Far from being the exotic novelty that they had been in Paris, Uruguay were now the favourites of the 18-team line-up in Holland, even allowing for the more competitive field with the Dutch playing at home, and the presence of an improved Italy and Germany.
Before the final, the superstitious Uruguayan player Adhemar Canavessi made the supreme sacrifice by removing himself from the team on the basis that every time that he had played against Argentina for his country they had lost, and despite having played his part in getting Uruguay to the gold medal showdown, he got off the bus taking the team to the arena.
The opening game in front of a capacity 40,000 in Amsterdam’s Olympic Stadium – the hottest tickets of the Games fetched more than ten times their face value on the black market – was against the hosts, and Uruguay were made to fight all the way to a 2-1 victory. Germany were no easier in the second round, winning a feisty encounter 4-1 in which two Germans and Uruguay’s skipper José Nasazzi were sent off.
In the semi-final, Uruguay won a thrilling match against Italy 3-2, with the darling of the Parisian crowds, Andrade showing his class in one last cameo performance, to set up a final against their old foes from across the River Plate.
Excitement at home was at fever pitch as people crowded the plazas of Montevideo to listen to information from the game, read out from telegraphs received at the news desks of newspapers from the Dutch capital detailing the minute-by-minute action. Interest was not confined to the River Plate alone: 250,000 ticket requests were made for the 40,000 available for the final from Europe alone.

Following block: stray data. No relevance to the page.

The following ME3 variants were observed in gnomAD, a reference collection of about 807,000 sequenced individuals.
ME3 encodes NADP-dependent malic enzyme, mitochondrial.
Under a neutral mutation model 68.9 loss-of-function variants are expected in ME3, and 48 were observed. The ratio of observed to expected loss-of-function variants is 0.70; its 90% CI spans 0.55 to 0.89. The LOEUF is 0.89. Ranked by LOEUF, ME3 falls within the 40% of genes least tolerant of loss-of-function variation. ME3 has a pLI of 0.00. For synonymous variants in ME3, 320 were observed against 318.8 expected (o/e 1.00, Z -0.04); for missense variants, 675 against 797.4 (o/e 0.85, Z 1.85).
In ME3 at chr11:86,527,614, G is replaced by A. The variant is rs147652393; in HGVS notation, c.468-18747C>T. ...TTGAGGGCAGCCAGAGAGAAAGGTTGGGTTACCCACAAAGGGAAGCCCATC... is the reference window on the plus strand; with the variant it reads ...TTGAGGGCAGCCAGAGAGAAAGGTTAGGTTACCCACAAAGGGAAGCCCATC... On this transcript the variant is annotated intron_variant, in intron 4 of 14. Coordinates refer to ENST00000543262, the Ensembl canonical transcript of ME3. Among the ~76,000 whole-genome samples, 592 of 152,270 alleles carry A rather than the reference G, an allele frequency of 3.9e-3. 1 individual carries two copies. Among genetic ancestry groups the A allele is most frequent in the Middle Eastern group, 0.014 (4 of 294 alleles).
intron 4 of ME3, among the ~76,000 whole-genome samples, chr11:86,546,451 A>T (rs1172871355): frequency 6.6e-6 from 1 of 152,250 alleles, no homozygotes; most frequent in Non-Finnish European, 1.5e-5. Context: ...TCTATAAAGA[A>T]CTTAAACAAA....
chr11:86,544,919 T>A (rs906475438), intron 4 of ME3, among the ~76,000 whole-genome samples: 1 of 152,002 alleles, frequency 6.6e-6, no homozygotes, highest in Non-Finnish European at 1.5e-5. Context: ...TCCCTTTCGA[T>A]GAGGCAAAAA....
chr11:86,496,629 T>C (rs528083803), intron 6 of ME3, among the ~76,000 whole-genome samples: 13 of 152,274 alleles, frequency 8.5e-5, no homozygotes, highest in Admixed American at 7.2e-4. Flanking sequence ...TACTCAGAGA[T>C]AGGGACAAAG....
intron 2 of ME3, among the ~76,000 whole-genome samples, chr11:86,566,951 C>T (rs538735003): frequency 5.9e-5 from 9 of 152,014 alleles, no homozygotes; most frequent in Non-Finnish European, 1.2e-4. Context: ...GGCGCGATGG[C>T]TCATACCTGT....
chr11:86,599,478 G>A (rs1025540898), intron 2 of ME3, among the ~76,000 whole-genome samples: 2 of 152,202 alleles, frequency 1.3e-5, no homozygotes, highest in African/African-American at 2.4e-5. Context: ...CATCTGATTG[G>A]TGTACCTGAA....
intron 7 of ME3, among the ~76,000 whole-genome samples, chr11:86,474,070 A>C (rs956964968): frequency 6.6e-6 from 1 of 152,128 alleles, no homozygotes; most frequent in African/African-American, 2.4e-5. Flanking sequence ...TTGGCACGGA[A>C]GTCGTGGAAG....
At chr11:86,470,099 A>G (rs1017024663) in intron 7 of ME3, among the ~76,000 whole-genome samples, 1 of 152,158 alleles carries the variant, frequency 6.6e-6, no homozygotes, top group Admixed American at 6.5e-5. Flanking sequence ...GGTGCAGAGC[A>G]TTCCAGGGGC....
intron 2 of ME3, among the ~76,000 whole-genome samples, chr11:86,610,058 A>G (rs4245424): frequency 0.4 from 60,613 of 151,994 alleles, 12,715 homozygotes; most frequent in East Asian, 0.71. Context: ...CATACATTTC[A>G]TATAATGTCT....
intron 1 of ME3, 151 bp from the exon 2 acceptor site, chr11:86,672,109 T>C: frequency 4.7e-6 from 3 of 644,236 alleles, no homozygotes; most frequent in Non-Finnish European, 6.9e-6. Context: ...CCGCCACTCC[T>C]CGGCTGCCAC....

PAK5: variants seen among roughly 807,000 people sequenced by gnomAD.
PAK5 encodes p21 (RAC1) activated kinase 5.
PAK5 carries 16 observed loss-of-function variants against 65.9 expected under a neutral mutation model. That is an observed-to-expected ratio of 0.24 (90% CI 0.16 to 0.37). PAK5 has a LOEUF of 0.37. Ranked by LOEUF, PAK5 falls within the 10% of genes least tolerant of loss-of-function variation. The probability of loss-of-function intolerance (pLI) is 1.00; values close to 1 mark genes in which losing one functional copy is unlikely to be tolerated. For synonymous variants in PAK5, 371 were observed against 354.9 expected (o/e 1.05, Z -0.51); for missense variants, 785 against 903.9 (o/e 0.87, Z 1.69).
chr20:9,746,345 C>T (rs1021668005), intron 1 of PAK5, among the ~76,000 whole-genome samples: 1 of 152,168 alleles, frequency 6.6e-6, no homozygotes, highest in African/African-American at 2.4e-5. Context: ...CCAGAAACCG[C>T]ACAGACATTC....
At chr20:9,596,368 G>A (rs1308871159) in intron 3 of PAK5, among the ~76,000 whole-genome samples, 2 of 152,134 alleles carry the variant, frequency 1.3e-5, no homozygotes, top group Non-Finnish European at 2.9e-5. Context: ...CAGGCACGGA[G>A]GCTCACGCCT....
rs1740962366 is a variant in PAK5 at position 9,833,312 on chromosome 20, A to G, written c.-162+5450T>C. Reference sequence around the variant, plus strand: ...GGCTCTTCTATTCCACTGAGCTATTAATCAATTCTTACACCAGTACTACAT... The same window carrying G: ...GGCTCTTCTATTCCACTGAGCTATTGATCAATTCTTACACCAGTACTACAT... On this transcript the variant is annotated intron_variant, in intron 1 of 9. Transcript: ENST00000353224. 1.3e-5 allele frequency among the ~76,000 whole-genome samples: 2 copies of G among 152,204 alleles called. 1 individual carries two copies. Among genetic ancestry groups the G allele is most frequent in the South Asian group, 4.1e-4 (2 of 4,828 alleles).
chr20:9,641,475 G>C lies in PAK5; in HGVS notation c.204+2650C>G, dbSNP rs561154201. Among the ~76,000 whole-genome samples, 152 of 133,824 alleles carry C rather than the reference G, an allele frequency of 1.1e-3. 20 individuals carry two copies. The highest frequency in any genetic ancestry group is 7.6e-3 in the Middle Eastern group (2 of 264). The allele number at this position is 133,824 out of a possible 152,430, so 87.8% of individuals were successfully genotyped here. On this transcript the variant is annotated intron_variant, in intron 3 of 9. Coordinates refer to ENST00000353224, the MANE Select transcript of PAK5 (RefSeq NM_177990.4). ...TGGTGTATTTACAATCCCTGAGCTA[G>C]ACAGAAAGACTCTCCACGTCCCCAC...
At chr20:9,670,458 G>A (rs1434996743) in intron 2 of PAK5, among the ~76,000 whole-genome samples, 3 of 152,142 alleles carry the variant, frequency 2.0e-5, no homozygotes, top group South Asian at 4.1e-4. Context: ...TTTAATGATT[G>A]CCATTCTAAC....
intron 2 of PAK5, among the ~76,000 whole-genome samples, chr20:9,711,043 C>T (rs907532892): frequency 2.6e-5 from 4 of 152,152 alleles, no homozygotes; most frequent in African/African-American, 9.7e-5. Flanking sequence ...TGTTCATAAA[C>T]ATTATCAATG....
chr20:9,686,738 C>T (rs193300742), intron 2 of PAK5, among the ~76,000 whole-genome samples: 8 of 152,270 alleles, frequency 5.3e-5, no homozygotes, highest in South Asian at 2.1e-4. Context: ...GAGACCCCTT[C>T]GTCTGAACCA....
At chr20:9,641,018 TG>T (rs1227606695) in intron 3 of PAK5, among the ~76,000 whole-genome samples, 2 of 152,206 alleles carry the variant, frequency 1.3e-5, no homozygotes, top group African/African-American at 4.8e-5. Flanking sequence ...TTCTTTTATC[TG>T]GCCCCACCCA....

The final was a cagey affair in which neither side attempted to seize the initiative, the game ending in a 1-1 draw. The replay was a different matter entirely as both sides went for the win and eliminate the possibility of the gold medal being determined by the drawing of lots. Uruguay freshened up their tired attack replacing Petrone, Urdinaran and Castro with Arremón, Borjas and Figueroa, and the revitalised team triumphed 2-1, the second-half winner coming from Héctor Scarone.
When Uruguay were awarded the hosting rights for the inaugural FIFA World Cup in 1930, they erected a purpose-built stadium, the Estadio Centenario (to celebrate 100 years of Uruguayan independence from Spain) and named two of the stands, the Tribuna Paris and Tribuna Amsterdam as a permanent memorial of their Olympic exploits.
So for a population of just three million to punch above its weight on the world stage, what is the secret to Uruguay’s success?
They would put it down to la garra charrúa, the fighting spirit of Uruguay’s indigenous inhabitants the charrúas.It was most famously used to win the 1950 World Cup against massive favourites and hosts Brazil, and recently has seen Uruguay cement themselves in the top four of the world rankings – above their much bigger neighbours Argentina and Brazil.
After Juan Verzeri got them through the South American qualification competition, Uruguay’s wily 65-year-old coach Oscar Tabárez, who led the seniors to the 2010 World Cup semi-final and to glory in the 2011 Copa América, has taken charge for the finals themselves.
He has a wealth of young talent at his disposal including Liverpool defender Sebastián Coates, Ajax midfielder Nicolás Lodeiro and Bologna’s Gastón Ramírez, scorer of a delightful free-kick against the Emirates.
Meanwhile, there was no shortage of senior players vying for one of the three over-age places in the squad, with both Diego Lugano and Uruguay’s most-capped player, Diego Forlán declaring their wish to be part of the team seeking to make history. In the event, both missed out as Tabárez went for Fernando Muslera – penalty saving hero against Argentina at the 2011 Copa América, and forwards Luis Suárez and Edinson Cavani.
Tabarez counsels caution, saying: “It’s easy for people to come out and say we should be going to going to the Olympics to win. They’re risking nothing by saying that. We know very well what we should be aiming for and the factors we have in our favour to achieve that.” But with this kind of pedigree, who would seriously bet against Uruguay making it a unique hat-trick of Olympic triumphs in London?